Understanding and soothing a crying baby

Emerging Minds, Australia, October, 2022

Resource Summary

This resource aims to help parents understand and soothe their crying baby. It provides some information on why babies cry, along with strategies that might help you to comfort your baby when they are crying. It also offers advice to help you manage your own emotions when the crying becomes too much. It has been developed with the guidance of family members with lived experience, practitioners and researchers.


Emerging Minds acknowledges that families come in many forms. For the purposes of easy reading, the term ‘parent’ encompasses the biological, adoptive, foster and kinship carers of a child, as well as individuals who have chosen to take up primary or shared responsibility in raising that child.

Why do babies cry?

Crying is one of the main ways that infants communicate. It’s how they let you know – sometimes very loudly – what they need.

Babies usually cry because they are:

  • hungry
  • tired
  • uncomfortable – for example, if they are too hot or cold or need a nappy change
  • unwell or teething
  • going through a growth phase
  • needing to be held so they feel safe – for example, if you’re in a different environment, or they’ve been overstimulated by seeing lots of new faces.

Babies who cry and fuss a lot, for no obvious physical or medical reason, may have ‘colic’. Babies with colic are frequently unsettled or ‘grizzly’, may look like they are in pain, and also cry very loudly, especially in the evening. Find out more on the Raising Children Network website and talk to your general practitioner (GP) or child health nurse if you think your baby might have colic.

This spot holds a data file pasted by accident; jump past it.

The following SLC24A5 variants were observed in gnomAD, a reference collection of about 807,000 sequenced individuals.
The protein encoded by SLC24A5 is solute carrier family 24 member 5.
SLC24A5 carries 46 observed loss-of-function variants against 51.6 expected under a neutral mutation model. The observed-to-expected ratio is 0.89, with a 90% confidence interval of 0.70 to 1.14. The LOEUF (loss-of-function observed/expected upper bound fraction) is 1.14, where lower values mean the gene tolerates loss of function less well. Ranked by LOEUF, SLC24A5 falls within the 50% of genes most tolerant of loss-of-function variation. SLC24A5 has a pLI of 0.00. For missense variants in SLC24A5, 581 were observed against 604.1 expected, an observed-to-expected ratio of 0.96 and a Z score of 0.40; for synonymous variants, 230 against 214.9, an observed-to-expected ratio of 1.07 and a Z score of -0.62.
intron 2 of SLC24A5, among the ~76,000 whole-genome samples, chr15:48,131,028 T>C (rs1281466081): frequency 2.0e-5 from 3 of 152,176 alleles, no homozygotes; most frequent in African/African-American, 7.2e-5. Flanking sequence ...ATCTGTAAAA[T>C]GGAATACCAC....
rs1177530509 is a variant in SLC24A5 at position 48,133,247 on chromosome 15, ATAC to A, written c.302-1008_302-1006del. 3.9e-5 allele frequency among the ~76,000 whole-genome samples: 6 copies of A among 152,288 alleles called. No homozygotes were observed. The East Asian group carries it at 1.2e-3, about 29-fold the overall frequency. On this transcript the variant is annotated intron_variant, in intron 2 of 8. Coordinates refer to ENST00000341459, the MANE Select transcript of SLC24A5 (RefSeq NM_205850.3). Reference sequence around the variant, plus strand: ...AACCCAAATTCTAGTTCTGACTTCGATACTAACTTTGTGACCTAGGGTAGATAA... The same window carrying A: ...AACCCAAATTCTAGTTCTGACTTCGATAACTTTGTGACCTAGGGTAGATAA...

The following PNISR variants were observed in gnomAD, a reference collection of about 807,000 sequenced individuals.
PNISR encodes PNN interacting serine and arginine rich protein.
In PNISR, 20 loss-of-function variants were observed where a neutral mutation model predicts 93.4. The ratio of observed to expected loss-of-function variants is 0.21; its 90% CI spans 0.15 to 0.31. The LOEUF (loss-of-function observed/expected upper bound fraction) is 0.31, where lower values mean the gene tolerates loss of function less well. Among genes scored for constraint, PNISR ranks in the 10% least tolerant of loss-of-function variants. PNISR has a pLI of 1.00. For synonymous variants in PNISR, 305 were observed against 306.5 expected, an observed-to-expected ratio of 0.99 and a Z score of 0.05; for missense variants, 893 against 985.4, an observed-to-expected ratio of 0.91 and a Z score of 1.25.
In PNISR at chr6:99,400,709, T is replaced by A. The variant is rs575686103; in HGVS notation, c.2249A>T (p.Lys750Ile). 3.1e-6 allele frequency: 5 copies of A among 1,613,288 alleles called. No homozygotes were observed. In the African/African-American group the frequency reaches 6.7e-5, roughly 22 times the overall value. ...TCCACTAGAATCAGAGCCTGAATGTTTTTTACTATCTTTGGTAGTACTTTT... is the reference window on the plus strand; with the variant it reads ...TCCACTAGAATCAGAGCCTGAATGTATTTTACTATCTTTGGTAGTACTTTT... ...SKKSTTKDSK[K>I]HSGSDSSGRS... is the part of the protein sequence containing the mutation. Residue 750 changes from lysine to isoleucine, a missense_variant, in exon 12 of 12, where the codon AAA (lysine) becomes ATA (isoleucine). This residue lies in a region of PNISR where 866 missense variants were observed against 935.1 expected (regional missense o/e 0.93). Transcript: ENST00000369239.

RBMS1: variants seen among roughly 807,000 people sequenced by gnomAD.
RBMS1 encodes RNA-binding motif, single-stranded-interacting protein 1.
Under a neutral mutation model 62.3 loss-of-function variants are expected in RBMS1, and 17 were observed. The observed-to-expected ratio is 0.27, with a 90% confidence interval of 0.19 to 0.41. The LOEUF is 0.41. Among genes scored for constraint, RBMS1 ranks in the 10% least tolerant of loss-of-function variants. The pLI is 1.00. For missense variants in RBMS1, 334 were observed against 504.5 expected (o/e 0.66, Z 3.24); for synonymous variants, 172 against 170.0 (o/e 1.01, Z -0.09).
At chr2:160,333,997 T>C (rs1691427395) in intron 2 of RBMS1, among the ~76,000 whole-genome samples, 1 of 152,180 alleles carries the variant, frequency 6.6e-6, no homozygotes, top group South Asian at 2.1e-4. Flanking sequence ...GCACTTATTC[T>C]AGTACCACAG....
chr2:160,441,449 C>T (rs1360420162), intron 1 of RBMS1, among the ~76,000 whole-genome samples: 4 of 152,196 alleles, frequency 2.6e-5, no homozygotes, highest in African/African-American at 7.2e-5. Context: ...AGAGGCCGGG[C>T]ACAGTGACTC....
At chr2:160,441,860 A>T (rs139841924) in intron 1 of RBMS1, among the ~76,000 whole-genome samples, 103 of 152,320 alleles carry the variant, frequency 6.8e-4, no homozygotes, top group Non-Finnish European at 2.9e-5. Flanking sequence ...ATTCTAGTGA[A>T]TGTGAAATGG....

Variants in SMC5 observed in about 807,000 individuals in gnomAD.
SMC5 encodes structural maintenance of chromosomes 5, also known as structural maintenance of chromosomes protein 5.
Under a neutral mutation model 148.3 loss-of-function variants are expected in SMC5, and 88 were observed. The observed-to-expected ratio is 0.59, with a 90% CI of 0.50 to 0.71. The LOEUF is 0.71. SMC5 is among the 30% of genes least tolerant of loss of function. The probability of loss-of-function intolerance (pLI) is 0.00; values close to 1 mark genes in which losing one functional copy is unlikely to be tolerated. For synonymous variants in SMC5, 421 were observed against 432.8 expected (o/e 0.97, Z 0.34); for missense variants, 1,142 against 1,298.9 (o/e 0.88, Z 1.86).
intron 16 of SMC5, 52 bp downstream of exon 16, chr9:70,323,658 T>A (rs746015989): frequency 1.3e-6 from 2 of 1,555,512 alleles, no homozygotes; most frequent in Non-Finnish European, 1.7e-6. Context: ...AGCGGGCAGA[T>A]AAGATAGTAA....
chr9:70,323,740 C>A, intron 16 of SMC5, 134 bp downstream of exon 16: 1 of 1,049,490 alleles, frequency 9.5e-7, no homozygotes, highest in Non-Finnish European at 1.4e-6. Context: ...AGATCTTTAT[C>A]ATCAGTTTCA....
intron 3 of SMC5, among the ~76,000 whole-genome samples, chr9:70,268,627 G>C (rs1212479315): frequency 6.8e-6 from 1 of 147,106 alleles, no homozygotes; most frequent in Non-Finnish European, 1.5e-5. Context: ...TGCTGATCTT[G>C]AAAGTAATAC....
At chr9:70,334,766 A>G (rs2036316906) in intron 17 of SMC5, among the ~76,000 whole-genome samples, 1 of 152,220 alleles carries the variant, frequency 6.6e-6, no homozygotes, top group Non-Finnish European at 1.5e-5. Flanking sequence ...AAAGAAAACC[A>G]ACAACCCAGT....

To learn more about the role of a GP, watch this video.

Crying peaks at about 6–8 weeks of age. This period of intense newborn crying is hard, but it will pass.

It can be stressful when your baby is crying and you don’t know why, or you know why but can’t fix it. But it’s still important to offer your baby comfort, even when you are becoming frustrated yourself. Pick them up, hold them, talk to them in a soothing voice, offer them a dummy or see if they want to feed.

What is ‘normal’ crying?

An infant’s behaviour, including crying, is affected by lots of factors including their age, feeding and sleeping routines, and what’s going on in their environment. Like adults, every baby has a different personality and temperament. Some infants are more sensitive than others; they will be quicker to cry and will need to be soothed more frequently. By learning to notice your baby’s unique cues and the ways they like to be comforted, you’re helping them to learn how to emotionally regulate and calm themselves when they’re upset.

Just as infants’ sleep patterns change as they grow and develop, so do their crying patterns. For example:

  • At around 3–4 weeks, babies often cry more, for no apparent reason. They can also become more difficult to soothe, especially in the afternoons and evenings. This is normal, and not a sign that you’re doing anything wrong.